With serotonin drugs, is it actually serotonin in the drug, or is it tryptophan which converts into serotonin through the biochemical conversion process after the drug is consumed? Serotonin can be consumed through foods, whereas tryptophan cannot, but the biochemical conversion process is what has brought this question to my mind about the actual drugs which can increase serotonin in the body.

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    $\begingroup$ I think you've got largely (if not exclusively) misconceptions here. It might be best to do some basic research on something like Wikipedia and then ask a follow-up question to that. $\endgroup$ – jonsca Nov 25 '17 at 1:27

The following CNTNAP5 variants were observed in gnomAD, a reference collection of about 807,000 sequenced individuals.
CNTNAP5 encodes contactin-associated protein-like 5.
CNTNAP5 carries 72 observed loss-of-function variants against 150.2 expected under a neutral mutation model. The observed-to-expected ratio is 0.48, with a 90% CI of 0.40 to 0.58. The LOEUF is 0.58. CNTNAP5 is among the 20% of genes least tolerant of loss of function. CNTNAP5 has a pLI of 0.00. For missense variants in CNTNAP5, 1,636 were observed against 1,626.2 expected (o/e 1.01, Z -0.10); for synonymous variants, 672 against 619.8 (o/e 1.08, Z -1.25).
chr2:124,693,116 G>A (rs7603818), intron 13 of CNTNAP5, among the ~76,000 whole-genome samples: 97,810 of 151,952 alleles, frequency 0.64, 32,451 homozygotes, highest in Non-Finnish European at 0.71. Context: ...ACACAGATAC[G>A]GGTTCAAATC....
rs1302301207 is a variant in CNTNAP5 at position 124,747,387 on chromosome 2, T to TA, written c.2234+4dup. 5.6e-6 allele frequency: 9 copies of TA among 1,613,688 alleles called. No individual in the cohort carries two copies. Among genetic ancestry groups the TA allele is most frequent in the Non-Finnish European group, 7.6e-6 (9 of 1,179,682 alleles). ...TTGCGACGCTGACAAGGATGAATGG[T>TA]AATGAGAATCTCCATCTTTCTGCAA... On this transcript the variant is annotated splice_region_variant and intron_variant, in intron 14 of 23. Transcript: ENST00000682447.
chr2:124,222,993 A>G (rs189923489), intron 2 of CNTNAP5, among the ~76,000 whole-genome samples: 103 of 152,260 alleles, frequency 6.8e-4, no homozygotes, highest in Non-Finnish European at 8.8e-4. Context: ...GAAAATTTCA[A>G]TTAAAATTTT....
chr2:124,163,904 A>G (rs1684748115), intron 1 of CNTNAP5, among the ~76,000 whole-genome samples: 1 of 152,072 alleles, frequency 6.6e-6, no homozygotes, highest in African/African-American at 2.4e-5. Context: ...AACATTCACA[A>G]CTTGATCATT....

No, the drugs that interact with serotonin receptors do not contain serotonin nor are they serotonin precursors. There are a lot of serotonin receptor subtypes in the body and the drugs are designed to interact selectively at a single subtype (with greater or lesser success). Many of them bear only a passing resemblance to serotonin as extra functionality is added to enhance selectivity.

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